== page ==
A fun conversation with Tom Connally on a myriad of topics, including organizational leadership, moving during a pandemic, writing a book, and articulating company culture. Check out Tom’s book, “Becoming a Leader: A Road Map for My Daughter and the Aspiring Leader” at https://amzn.to/3qrsX8K.
Shout out to today’s sponsor, R.D. Adair PLLC (https://adair.law)
Aaron Spatz 00:10
Good morning DFW. You’re listening to the Dallas Fort Worth Business Podcast. I’m Aaron Spatz. I’m so excited that you’re joining us today. I hope that you are having a great, great week. And you know, once again, anything that you’re loving about the show, drop me a line at podcast at Bold media.us I love getting your feedback, tell your friends about it. Again, if you’re listening to this, and audio format, whether it’s Spotify, Apple podcast, whatever your platform of choice is know that this is being distributed across video so if you want to watch us on Youtube, Facebook Instagram that’s available to those of you that are watching me right now say all that know that a if you’re on if you’re on the run, and you don’t want to have time or you don’t have time to actually watch it, you can jump over on Apple podcasts, Spotify, and so on, to actually listen to it. So there’s multiple ways to consume the show. And I’m just so incredibly grateful for your listenership for your viewership. This has been a blast to produce so far, I can’t believe we’re already more than halfway into January. It’s been it’s been a riot. So today’s guests, we have Tom Connolly. Tom is a retired Marine Corps officer, but he’s also a business consultant leadership consultant, he’s spent a ton of time in leadership. That’s been a that’s been a hallmark trait of his career. I’m excited to dig more into that in more topics. And I just Tom, I just want to thank you so much for joining us this morning.
Tom Connally 01:31
Hey, Aaron, thanks for having me. It’s great to be on the DFW business podcast.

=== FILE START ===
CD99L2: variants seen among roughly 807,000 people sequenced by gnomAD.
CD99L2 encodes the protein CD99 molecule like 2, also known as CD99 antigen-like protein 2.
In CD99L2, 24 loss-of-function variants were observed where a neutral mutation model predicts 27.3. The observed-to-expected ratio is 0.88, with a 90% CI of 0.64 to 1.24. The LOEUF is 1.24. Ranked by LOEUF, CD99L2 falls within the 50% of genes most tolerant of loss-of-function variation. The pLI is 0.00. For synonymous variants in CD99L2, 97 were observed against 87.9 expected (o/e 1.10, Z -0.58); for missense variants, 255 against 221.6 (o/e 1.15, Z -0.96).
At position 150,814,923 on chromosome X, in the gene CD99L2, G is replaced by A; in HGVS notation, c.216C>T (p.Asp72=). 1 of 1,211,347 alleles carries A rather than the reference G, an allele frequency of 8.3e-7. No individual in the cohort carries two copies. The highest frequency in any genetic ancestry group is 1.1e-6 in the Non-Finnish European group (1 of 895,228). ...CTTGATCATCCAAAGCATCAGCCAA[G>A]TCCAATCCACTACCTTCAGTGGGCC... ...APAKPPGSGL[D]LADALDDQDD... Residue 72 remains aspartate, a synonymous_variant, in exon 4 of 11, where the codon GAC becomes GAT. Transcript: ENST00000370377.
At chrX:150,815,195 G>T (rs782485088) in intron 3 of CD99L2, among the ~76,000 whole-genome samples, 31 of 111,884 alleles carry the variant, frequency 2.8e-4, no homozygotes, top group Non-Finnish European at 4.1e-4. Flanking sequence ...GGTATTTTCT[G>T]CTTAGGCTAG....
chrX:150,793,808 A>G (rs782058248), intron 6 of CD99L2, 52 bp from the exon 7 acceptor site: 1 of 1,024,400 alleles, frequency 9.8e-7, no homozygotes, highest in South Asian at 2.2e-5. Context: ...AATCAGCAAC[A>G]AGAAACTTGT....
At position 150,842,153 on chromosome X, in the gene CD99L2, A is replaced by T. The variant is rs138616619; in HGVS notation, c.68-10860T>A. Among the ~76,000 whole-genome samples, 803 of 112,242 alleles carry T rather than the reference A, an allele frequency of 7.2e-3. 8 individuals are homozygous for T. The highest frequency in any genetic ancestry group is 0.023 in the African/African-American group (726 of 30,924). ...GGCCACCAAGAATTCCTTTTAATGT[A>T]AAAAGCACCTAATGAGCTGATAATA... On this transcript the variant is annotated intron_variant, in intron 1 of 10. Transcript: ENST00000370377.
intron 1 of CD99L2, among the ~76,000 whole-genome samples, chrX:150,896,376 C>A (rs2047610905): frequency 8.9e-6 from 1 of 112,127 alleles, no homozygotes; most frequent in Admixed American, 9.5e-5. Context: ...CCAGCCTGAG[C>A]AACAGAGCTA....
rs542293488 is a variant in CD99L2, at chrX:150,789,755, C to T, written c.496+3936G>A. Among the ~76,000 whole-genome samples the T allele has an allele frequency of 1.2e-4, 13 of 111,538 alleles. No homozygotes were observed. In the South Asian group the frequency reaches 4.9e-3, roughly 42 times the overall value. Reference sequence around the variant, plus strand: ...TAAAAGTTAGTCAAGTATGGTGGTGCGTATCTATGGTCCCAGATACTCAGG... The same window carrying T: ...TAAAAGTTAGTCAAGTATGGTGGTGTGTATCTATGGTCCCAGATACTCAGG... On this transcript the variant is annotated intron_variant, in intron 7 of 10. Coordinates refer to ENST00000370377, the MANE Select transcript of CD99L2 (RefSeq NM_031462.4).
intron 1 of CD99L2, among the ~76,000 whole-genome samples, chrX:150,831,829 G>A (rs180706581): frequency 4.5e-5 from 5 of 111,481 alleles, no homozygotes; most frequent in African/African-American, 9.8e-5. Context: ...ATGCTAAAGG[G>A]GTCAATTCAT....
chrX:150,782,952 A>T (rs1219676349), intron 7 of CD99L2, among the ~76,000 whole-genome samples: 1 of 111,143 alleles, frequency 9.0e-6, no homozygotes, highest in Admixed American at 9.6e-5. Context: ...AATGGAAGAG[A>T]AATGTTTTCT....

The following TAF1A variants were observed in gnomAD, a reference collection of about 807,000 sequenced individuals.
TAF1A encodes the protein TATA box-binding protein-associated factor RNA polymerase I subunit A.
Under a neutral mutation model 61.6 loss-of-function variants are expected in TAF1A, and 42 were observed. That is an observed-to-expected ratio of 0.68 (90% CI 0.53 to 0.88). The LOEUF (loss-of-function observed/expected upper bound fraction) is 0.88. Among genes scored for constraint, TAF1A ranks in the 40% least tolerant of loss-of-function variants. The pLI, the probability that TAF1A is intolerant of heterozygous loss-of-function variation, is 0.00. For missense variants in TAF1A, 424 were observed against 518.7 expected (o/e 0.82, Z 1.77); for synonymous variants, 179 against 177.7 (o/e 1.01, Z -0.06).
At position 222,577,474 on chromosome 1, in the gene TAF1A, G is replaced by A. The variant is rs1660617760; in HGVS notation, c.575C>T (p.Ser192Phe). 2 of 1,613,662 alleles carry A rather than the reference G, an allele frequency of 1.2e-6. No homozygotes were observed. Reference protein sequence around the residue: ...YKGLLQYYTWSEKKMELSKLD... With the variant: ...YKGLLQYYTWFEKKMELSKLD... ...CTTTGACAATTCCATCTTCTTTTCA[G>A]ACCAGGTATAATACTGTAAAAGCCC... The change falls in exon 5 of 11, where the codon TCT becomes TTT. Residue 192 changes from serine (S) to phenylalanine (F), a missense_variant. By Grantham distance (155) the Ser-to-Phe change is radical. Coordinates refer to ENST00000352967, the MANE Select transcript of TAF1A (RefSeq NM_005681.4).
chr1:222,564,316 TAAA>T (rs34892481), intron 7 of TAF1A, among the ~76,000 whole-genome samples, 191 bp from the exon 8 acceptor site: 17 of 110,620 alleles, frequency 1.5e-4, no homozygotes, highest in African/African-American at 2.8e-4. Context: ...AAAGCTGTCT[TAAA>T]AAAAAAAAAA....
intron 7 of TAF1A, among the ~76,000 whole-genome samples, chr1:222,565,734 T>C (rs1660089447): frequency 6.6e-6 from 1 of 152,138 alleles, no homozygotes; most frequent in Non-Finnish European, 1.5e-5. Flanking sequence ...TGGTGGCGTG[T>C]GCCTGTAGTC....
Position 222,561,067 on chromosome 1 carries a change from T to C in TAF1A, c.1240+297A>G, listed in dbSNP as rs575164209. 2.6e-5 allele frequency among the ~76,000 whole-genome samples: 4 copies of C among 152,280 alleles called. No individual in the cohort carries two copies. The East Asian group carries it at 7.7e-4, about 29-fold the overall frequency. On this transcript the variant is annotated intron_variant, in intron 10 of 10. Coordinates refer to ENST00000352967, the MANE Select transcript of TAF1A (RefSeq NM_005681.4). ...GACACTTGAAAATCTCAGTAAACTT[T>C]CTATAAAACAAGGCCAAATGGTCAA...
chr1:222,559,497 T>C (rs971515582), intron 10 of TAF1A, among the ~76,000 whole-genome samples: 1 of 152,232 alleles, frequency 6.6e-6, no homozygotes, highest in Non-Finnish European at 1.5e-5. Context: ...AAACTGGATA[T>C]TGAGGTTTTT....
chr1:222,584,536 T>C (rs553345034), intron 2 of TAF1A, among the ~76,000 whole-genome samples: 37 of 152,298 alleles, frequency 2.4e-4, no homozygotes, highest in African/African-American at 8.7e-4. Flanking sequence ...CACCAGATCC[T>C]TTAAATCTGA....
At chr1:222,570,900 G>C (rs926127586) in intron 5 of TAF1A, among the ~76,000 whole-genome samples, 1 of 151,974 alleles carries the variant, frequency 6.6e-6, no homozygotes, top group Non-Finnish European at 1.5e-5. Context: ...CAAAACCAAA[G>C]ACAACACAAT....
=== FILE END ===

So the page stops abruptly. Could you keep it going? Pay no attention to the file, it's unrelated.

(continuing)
Aaron Spatz 01:37
Absolutely. No, it’s it’s a fun show. And recently, I’ve been kind of leading off by asking everybody Okay, so where are you originally from? And every once in a while, I’ll get I’ll get the native VFW person doesn’t always happen. But where were you originally from? Tom? And when did you get back here?
Tom Connally 01:56
Wow, um, well, where I’m originally from. I was born in San Diego, California, and in my young life was there you know, and then, and then I went into the military going the Naval Academy, and then the Marine Corps, and so all you know, all around the world. And then my wife and I relocated down here to Loxahatchee. In May of this year, we left Northern Virginia never had an intention to stay there. But you know, you kind of end up sometimes where the Marine Corps sends you. And, and then we, we spent two years looking for where we wanted to be, and we ended up with Waxahatchee. And here we are. Oh,
Aaron Spatz 02:40
wow. That’s cool. Okay, so I got to ask, you do it, you’re doing a move in May. And that was right when I think oh, shoot, that was right. When like a bunch of lockdowns and stuff are going down. So what the heck was that? Like?
Tom Connally 02:53
Yeah, so it was it was very interesting. You know, we, we’ve made the plan and all and had everything in the works. And we were putting the house on the market. And, and then it and we were doing all this in January, right. And then all of a sudden, you have all this begin to break out. And we had a choice, we could say cancel everything, stay right here, or continue to move on, because we have no idea what this is going to look like. And so I said, I looked at my you know, my beautiful wife, Annie and said, Hey, I think we just need to push forward. And that’s my wife. Yeah, absolutely. Let’s push forward, the future is always in front of us. So it was interesting, we were able to get through closings and all that stuff. We had some friends down here in the area who were able to do some scouting around for us and look at look at properties and you can purchase zoom became our friend real quick. And so it was it. I was amazed at the can do attitude that everybody demonstrated in making this happen. But of course it was it was easy on the Virginia end. Because we were able to we were able to sell the house the first day we put it on the market. Wow. And so you know, if you don’t have to wait around for a buyer to show up then you know, your timeline becomes kind of your own how you how you organize things, but it was a it was a lot smoother than than we could have ever anticipated. And so you know, we did have to wait around a little bit had to stay in an Airbnb in in town for a few for about six weeks. Well and but those who are everybody was very accommodating, very helpful, a lot a lot of can do to work through what we needed to do you know and Of course, a lot of virtual that, that people may have been uncomfortable with in the past, sure that we, we were able to pull it off. And yeah, people were very helpful, especially here in Texas man, it was, it was very nice here in Texas.